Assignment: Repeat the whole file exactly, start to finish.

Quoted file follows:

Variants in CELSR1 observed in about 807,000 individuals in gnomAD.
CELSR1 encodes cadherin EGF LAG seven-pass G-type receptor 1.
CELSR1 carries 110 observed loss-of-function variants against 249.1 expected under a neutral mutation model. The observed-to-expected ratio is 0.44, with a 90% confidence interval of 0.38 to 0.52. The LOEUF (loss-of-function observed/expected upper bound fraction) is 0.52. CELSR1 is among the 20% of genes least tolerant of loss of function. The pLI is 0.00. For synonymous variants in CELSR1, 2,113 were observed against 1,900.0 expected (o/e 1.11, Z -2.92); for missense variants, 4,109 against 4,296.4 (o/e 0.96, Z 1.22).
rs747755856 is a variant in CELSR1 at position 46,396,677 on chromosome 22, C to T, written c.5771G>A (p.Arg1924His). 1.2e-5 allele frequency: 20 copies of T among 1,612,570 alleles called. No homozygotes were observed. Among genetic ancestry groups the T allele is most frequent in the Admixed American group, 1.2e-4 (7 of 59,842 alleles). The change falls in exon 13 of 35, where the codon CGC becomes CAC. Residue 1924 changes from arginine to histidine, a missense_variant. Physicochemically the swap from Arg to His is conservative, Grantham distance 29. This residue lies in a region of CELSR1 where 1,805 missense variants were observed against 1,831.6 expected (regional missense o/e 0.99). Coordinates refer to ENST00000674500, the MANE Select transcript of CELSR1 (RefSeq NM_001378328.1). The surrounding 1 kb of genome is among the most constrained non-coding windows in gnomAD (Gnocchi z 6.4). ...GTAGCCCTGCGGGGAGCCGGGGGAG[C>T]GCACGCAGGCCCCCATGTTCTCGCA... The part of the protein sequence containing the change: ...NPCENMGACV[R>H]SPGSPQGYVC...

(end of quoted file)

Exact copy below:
Variants in CELSR1 observed in about 807,000 individuals in gnomAD.
CELSR1 encodes cadherin EGF LAG seven-pass G-type receptor 1.
CELSR1 carries 110 observed loss-of-function variants against 249.1 expected under a neutral mutation model. The observed-to-expected ratio is 0.44, with a 90% confidence interval of 0.38 to 0.52. The LOEUF (loss-of-function observed/expected upper bound fraction) is 0.52. CELSR1 is among the 20% of genes least tolerant of loss of function. The pLI is 0.00. For synonymous variants in CELSR1, 2,113 were observed against 1,900.0 expected (o/e 1.11, Z -2.92); for missense variants, 4,109 against 4,296.4 (o/e 0.96, Z 1.22).
rs747755856 is a variant in CELSR1 at position 46,396,677 on chromosome 22, C to T, written c.5771G>A (p.Arg1924His). 1.2e-5 allele frequency: 20 copies of T among 1,612,570 alleles called. No homozygotes were observed. Among genetic ancestry groups the T allele is most frequent in the Admixed American group, 1.2e-4 (7 of 59,842 alleles). The change falls in exon 13 of 35, where the codon CGC becomes CAC. Residue 1924 changes from arginine to histidine, a missense_variant. Physicochemically the swap from Arg to His is conservative, Grantham distance 29. This residue lies in a region of CELSR1 where 1,805 missense variants were observed against 1,831.6 expected (regional missense o/e 0.99). Coordinates refer to ENST00000674500, the MANE Select transcript of CELSR1 (RefSeq NM_001378328.1). The surrounding 1 kb of genome is among the most constrained non-coding windows in gnomAD (Gnocchi z 6.4). ...GTAGCCCTGCGGGGAGCCGGGGGAG[C>T]GCACGCAGGCCCCCATGTTCTCGCA... The part of the protein sequence containing the change: ...NPCENMGACV[R>H]SPGSPQGYVC...